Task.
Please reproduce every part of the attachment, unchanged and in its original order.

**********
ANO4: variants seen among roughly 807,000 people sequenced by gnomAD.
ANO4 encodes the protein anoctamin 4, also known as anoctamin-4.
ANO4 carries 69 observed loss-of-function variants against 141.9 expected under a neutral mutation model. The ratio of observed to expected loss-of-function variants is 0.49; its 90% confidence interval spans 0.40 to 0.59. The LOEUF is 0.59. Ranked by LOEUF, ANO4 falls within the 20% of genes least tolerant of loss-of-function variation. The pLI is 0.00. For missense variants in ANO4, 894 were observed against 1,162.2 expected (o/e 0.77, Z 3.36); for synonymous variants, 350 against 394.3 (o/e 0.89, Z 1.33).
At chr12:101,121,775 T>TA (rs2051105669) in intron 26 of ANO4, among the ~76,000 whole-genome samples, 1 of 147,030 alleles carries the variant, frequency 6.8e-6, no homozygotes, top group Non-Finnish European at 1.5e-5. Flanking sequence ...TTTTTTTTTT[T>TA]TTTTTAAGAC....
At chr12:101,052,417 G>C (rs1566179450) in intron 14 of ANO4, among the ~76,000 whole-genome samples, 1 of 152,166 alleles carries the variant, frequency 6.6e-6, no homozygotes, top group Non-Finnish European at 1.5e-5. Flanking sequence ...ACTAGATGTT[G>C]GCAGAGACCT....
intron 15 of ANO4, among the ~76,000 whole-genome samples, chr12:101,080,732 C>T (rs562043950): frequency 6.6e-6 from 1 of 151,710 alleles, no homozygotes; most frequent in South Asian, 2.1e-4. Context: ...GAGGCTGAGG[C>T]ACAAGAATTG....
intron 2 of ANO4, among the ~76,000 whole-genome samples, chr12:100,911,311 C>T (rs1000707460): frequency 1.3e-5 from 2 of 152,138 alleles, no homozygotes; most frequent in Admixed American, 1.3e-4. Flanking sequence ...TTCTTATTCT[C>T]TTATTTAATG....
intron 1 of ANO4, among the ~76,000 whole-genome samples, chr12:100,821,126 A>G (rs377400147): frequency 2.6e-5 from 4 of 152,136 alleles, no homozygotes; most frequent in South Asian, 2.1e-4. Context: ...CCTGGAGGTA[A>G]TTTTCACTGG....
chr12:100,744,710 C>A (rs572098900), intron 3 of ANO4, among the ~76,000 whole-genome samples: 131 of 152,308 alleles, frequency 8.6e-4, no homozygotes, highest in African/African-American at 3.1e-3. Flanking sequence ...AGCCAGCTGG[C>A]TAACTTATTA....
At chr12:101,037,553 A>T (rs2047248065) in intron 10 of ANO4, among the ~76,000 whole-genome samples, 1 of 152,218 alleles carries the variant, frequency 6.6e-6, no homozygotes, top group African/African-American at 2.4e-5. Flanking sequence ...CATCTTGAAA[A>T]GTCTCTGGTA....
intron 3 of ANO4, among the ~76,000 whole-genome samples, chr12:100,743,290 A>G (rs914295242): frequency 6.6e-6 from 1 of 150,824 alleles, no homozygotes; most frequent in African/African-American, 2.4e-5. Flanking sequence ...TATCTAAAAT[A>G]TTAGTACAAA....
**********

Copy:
ANO4: variants seen among roughly 807,000 people sequenced by gnomAD.
ANO4 encodes the protein anoctamin 4, also known as anoctamin-4.
ANO4 carries 69 observed loss-of-function variants against 141.9 expected under a neutral mutation model. The ratio of observed to expected loss-of-function variants is 0.49; its 90% confidence interval spans 0.40 to 0.59. The LOEUF is 0.59. Ranked by LOEUF, ANO4 falls within the 20% of genes least tolerant of loss-of-function variation. The pLI is 0.00. For missense variants in ANO4, 894 were observed against 1,162.2 expected (o/e 0.77, Z 3.36); for synonymous variants, 350 against 394.3 (o/e 0.89, Z 1.33).
At chr12:101,121,775 T>TA (rs2051105669) in intron 26 of ANO4, among the ~76,000 whole-genome samples, 1 of 147,030 alleles carries the variant, frequency 6.8e-6, no homozygotes, top group Non-Finnish European at 1.5e-5. Flanking sequence ...TTTTTTTTTT[T>TA]TTTTTAAGAC....
At chr12:101,052,417 G>C (rs1566179450) in intron 14 of ANO4, among the ~76,000 whole-genome samples, 1 of 152,166 alleles carries the variant, frequency 6.6e-6, no homozygotes, top group Non-Finnish European at 1.5e-5. Flanking sequence ...ACTAGATGTT[G>C]GCAGAGACCT....
intron 15 of ANO4, among the ~76,000 whole-genome samples, chr12:101,080,732 C>T (rs562043950): frequency 6.6e-6 from 1 of 151,710 alleles, no homozygotes; most frequent in South Asian, 2.1e-4. Context: ...GAGGCTGAGG[C>T]ACAAGAATTG....
intron 2 of ANO4, among the ~76,000 whole-genome samples, chr12:100,911,311 C>T (rs1000707460): frequency 1.3e-5 from 2 of 152,138 alleles, no homozygotes; most frequent in Admixed American, 1.3e-4. Flanking sequence ...TTCTTATTCT[C>T]TTATTTAATG....
intron 1 of ANO4, among the ~76,000 whole-genome samples, chr12:100,821,126 A>G (rs377400147): frequency 2.6e-5 from 4 of 152,136 alleles, no homozygotes; most frequent in South Asian, 2.1e-4. Context: ...CCTGGAGGTA[A>G]TTTTCACTGG....
chr12:100,744,710 C>A (rs572098900), intron 3 of ANO4, among the ~76,000 whole-genome samples: 131 of 152,308 alleles, frequency 8.6e-4, no homozygotes, highest in African/African-American at 3.1e-3. Flanking sequence ...AGCCAGCTGG[C>A]TAACTTATTA....
At chr12:101,037,553 A>T (rs2047248065) in intron 10 of ANO4, among the ~76,000 whole-genome samples, 1 of 152,218 alleles carries the variant, frequency 6.6e-6, no homozygotes, top group African/African-American at 2.4e-5. Flanking sequence ...CATCTTGAAA[A>T]GTCTCTGGTA....
intron 3 of ANO4, among the ~76,000 whole-genome samples, chr12:100,743,290 A>G (rs914295242): frequency 6.6e-6 from 1 of 150,824 alleles, no homozygotes; most frequent in African/African-American, 2.4e-5. Flanking sequence ...TATCTAAAAT[A>G]TTAGTACAAA....